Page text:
Gambling dependency group blows up stereotype of degenerate

One runs cocktails at a regional casino. The other is completing her education and searching for a teaching job.

On the day I met them, they appeared to have little in typical. But they were among pals, and under a cloak of anonymity they confessed being compulsive gamblers and started speaking about their lives. Taking that bold step to get help is exactly what brought them to the Problem Gambling Center for Rob Hunter’s Tuesday group session.

You’d believe, in 2016, it would go without stating that compulsive gambling habits doesn’t discriminate. Ask an unfamiliar person to paint a quick profile of the degenerate gambler and the photo of a male with a development of beard and eyes blurred from the manic action will most likely emerge. It’s just not so.

It’s a medical disorder like alcohol addiction and drug dependency. Carol O Hare, executive director of the Nevada Council on Problem Gambling, stated a study of her group’s hectic help line exposes a cross section of mankind that mirrors our state’s varied demographics.

However she also said the stereotypes persist, in part, because of the ability of compulsive gamblers to camouflage their dependency. Unlike the alcoholic, she stated, you can’t smell a roll of quarters on my breath.

Gambling dependency straight touches a bit more than 2 percent of the population, according to some studies, but O Hare stated the figure is up to 3 times that high in Nevada. Beyond the lives damaged and destroyed, the yearly expense to American society of gambling dependency surpasses $7 billion, according to the National Council on Problem Gambling.

Those two women with relatively little in common were, in fact, in exceptional company with casino executives and industrial employers, maids and bartenders, priests and retired ballplayers. It’s not a matter of money, morals or discipline.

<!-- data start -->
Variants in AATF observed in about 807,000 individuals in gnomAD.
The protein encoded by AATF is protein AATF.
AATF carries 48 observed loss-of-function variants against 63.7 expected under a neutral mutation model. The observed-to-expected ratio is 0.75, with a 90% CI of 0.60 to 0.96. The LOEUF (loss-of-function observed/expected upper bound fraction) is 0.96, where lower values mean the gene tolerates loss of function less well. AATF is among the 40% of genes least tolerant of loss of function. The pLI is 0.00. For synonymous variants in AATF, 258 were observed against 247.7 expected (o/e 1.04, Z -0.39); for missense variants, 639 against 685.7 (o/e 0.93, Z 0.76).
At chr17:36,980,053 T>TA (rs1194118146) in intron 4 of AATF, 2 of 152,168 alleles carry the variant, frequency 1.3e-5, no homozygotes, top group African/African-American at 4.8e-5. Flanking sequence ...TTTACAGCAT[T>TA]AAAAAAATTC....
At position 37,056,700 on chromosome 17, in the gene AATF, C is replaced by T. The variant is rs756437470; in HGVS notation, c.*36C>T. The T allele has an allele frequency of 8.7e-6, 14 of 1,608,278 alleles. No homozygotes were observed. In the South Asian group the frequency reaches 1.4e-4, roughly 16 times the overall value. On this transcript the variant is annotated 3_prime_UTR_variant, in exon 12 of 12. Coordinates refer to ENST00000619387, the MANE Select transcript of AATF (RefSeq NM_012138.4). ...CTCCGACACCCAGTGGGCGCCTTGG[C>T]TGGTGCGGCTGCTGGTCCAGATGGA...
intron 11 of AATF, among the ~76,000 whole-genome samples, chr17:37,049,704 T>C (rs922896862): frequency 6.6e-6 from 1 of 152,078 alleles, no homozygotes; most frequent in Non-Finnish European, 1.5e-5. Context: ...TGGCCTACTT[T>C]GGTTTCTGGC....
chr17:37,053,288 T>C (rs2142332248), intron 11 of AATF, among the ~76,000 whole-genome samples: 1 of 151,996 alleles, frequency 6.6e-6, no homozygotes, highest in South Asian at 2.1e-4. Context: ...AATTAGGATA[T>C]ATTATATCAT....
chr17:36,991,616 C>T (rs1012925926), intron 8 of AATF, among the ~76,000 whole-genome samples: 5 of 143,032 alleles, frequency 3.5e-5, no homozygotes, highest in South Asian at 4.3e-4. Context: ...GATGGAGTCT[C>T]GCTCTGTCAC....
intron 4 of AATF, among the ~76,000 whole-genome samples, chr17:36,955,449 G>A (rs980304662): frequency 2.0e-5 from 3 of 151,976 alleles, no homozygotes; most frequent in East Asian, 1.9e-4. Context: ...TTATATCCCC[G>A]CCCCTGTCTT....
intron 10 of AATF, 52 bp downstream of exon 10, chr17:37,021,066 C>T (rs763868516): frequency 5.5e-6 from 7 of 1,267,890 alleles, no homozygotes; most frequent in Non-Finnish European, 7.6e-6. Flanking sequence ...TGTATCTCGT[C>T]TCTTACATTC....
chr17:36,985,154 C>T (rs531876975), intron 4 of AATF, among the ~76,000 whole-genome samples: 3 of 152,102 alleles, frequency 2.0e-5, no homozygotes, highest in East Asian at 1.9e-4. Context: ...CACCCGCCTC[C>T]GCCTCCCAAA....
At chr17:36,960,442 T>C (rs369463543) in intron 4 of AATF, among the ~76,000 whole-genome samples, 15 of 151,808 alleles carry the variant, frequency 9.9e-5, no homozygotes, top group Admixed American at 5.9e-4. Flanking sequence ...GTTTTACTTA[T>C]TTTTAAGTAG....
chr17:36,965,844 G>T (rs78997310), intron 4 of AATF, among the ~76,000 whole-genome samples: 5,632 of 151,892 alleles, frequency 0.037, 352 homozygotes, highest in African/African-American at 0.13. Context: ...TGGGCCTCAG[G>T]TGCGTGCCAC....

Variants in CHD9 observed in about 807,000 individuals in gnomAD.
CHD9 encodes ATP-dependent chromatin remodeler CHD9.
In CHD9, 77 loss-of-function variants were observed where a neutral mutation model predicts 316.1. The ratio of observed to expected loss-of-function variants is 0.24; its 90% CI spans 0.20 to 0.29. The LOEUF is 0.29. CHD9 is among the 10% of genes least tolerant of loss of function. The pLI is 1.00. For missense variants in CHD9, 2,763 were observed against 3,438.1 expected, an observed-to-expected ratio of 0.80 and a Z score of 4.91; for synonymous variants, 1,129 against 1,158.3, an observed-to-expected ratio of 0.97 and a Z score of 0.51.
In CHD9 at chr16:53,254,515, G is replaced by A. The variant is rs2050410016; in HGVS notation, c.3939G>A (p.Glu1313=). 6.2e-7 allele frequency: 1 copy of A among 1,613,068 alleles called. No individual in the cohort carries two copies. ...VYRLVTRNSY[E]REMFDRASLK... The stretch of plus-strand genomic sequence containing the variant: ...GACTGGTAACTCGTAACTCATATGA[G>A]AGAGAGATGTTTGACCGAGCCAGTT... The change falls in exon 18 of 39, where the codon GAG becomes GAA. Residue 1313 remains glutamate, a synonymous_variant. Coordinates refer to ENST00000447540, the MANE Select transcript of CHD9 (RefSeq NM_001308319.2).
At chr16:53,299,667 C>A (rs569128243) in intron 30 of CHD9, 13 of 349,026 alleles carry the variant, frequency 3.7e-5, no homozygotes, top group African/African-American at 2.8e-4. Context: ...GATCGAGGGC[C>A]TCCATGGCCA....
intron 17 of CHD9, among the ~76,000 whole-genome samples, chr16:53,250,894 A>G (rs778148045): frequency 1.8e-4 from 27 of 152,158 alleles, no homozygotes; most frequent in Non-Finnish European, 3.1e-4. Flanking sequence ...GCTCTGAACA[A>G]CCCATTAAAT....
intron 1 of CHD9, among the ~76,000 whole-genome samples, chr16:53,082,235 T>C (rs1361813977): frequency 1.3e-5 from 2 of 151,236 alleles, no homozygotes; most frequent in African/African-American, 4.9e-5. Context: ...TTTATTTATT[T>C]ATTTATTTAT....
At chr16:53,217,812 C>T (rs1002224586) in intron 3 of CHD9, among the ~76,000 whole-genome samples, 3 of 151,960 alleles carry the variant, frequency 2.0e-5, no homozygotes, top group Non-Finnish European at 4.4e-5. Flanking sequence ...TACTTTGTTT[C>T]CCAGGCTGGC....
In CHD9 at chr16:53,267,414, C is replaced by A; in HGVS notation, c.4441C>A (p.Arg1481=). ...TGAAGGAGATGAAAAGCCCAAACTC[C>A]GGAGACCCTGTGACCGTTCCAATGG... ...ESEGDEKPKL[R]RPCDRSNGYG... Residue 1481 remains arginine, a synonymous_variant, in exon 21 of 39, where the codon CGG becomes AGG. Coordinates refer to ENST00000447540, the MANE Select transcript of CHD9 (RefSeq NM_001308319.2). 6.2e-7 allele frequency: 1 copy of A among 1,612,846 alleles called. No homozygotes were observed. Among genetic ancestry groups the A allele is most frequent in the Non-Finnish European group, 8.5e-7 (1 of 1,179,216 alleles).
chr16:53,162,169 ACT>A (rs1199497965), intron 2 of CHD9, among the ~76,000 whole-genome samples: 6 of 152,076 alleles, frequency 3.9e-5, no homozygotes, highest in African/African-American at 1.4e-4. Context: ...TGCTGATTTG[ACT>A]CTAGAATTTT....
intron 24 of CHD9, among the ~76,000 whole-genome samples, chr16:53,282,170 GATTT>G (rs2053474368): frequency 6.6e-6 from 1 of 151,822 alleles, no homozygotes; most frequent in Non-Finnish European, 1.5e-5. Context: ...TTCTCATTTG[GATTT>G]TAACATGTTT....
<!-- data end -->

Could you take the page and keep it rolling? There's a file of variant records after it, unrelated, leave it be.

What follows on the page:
And viewing the disease as a character weak point or a question of willpower obscures the medical science. However unlike the drug abuser and alcoholic, whose plights have actually acquired a level of social understanding, the compulsive gambler finds couple of allies a reality shown in the typically poor funding for support programs.

Pay attention to their stories, and you’ll be reminded that the cost of compulsive gambling is determined in more than missed home mortgage payments and bankruptcy. It also makes liars of excellent people.

Take that cocktail waitress

She’s young, married, and stated she’s concealed her addiction from her other half for several years. He doesn’t know she’s poured a bundle into video poker devices while sitting with good friends after work. Now the losses are so great, she’s scared to come clean.

Which teacher’s gambling regular sent her to the ATM up until her cost savings was tired? For a time she believed moving away would be the very best thing, but when she returned to the Midwest for a check out she saw a billboard for an issue gambling help line that recommended, Don’t Fall For Your Own Bluff. Over the next couple of days, the message began to sink in.

I didn’t believe I was falling for my own bluff; however I was, she said, the feeling increasing in her voice. Every time I stated, I’m only going to take 20 bucks, or I’m only going to take 100 dollars, or I’m going to leave my ATM card at home, or only go (gamble) for 3 hours.

She went back to Las Vegas and chose to stay. Among the ironies of this gambling-saturated subculture is that it also provides a constant lineup of 12-step Gamblers Anonymous meetings in addition to Hunter’s group session and other treatments.

The teacher realized that she could run, but she couldn’t hide from the disease. She also understands she’s not alone.

From what we’ve seen working with individuals in the neighborhood, this is like any other dependency, said O Hare, who describes herself as a woman in recovery for the previous 25 years. We’ve come a long method in this nation.

You can’t sit in that group of vulnerable, brave individuals and not come away rooting and praying for their recuperation.

A teacher, a waitress, and the rest people, too.